You may remember Access as the German company who produced the hardware programmers for the Waldorf Microwave and Oberheim Matrix 1000 (see SOS September '96). Since the company's expertise lies in producing quality controllers, it will come as no surprise that the user interface of the Virus is beautifully thought out, with the right balance of features and complexity, and without compromising its, well, accessibility. Construction is first‑class, with 32 firm knobs (titter ye not!), 27 positive switches and a 2 x 16‑character display. Of particular note, too, are the 52 yellow LEDs. These pulse in time with the LFO cycle, and have a fair crack at representing the particular waveform by varying their intensity as the LFO cycles; so with a triangle waveform, the LEDs gradually fade up and down, whilst with a sawtooth they throb percussively. Apart from being visually very appealing, this is one of those touches that assure you that this instrument has class.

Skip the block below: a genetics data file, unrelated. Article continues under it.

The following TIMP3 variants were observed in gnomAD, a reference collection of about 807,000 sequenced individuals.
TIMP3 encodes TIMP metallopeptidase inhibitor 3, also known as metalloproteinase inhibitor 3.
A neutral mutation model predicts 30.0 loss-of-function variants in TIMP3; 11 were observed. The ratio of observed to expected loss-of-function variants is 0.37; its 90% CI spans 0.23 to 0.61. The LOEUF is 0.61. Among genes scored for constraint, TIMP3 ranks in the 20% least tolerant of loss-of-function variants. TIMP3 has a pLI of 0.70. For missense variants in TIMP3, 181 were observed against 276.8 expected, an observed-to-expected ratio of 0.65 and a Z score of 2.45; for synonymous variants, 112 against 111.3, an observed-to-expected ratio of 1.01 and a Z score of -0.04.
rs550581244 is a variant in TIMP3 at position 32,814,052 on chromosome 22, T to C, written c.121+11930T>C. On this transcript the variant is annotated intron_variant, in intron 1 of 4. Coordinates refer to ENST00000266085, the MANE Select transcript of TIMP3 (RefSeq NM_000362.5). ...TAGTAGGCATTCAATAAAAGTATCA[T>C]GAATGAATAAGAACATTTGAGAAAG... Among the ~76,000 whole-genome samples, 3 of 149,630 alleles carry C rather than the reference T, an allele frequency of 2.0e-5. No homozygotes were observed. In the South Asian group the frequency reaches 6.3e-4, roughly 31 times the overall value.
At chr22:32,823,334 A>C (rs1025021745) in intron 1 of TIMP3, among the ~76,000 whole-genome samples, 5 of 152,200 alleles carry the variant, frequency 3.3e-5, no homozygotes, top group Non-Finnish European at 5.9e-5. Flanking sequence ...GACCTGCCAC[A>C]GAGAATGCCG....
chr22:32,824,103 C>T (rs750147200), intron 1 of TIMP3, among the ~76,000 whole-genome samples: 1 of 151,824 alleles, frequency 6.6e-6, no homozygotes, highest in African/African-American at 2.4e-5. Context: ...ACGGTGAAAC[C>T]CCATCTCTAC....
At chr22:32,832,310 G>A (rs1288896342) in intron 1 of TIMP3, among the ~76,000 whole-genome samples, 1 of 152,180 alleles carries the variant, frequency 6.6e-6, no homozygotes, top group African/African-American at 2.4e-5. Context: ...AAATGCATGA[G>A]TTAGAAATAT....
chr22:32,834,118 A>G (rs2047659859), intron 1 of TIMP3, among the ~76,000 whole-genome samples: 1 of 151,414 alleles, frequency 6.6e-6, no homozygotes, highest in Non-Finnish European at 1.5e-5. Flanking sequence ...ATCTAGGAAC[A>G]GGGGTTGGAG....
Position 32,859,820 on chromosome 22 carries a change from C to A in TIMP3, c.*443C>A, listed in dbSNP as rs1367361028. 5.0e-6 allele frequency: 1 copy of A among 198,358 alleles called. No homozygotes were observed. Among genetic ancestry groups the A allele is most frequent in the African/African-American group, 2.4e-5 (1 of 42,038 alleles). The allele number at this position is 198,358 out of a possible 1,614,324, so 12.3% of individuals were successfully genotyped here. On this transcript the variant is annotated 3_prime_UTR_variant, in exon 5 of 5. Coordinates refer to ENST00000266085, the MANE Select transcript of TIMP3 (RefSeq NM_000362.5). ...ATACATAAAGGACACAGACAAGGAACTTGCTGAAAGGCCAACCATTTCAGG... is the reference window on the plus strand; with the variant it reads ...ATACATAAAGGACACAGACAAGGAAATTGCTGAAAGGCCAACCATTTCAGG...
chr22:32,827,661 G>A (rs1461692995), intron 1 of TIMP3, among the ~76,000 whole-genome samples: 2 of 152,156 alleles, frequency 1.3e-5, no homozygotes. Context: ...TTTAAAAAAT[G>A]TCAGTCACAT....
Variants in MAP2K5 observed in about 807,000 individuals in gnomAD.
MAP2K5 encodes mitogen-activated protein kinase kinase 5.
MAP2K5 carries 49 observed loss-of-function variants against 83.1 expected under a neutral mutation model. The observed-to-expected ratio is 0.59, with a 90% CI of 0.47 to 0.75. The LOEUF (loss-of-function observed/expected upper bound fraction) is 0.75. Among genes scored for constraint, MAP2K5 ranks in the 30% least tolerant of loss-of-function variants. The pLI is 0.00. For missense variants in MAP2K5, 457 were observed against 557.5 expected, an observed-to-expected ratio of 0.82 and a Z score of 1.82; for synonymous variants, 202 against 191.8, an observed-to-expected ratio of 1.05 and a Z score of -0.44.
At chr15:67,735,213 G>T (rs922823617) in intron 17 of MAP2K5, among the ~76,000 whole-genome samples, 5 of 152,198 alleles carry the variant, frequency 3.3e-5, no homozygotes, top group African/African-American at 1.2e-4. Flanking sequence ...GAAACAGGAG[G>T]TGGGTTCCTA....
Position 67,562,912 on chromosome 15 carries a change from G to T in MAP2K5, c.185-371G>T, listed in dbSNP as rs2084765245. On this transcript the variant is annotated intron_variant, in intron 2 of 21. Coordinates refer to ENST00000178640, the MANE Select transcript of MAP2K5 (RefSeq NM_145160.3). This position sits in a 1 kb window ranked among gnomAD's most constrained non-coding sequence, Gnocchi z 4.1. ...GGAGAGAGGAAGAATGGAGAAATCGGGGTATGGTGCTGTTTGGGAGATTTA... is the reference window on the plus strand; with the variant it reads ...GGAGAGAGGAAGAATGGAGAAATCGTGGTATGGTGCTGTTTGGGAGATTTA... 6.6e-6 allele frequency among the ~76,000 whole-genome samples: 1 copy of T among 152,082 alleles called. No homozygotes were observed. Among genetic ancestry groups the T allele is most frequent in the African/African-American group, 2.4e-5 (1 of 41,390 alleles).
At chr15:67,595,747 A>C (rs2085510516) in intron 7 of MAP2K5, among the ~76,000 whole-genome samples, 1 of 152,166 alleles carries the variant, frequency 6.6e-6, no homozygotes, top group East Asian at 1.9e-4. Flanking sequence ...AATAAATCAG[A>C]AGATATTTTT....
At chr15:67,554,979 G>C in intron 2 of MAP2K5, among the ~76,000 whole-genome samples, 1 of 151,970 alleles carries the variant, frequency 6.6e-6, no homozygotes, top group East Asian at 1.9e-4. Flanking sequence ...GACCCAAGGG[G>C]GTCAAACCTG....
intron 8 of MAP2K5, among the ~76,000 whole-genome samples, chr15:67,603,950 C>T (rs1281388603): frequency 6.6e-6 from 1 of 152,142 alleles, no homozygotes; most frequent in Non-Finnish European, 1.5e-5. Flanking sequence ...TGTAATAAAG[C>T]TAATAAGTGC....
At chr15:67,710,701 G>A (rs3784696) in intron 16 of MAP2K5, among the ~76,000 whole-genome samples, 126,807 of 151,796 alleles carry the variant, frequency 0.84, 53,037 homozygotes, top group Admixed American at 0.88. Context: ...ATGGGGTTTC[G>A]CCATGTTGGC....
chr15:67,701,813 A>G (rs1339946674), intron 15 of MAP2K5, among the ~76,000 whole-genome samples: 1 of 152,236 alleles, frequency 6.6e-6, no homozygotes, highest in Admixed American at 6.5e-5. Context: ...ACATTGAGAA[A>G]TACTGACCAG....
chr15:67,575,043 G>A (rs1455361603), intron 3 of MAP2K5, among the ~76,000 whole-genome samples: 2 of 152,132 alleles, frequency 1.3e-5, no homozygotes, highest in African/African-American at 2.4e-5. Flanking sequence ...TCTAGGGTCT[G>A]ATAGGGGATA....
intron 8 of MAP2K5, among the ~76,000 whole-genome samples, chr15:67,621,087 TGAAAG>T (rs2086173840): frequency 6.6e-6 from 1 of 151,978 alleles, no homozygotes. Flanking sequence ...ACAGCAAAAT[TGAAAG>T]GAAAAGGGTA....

The back panel has the MIDI In and Out sockets (no Thru), the six audio outputs and two inputs, and the connector for the (huge) wall‑wart PSU.
When the pre‑production Virus arrived for this preview, it had no onboard sounds, and operating system software that was more than a little flaky. After a little web surfing, I unearthed a bank of factory sounds and a much improved OS — v1.08 — from Access's German site (see URL at the end of this review). I did still manage to crash the Virus once after that, and several features were still not in place, but there was enough to get a feel for what the final instrument should offer. Within half an hour of starting to program it, I had saved away a number of patches which were almost as good as the ones my old Jupiter 6 once produced before it developed dodgy oscillator syndrome. I was immediately struck by the quality of the filters, which were smooth and responsive. There must be some fancy computation going on under the bonnet, because here were cutoff sweeps every bit as convincing as a real analogue synth, with killer resonance thrown in too. RIP zipper noise, and good riddance.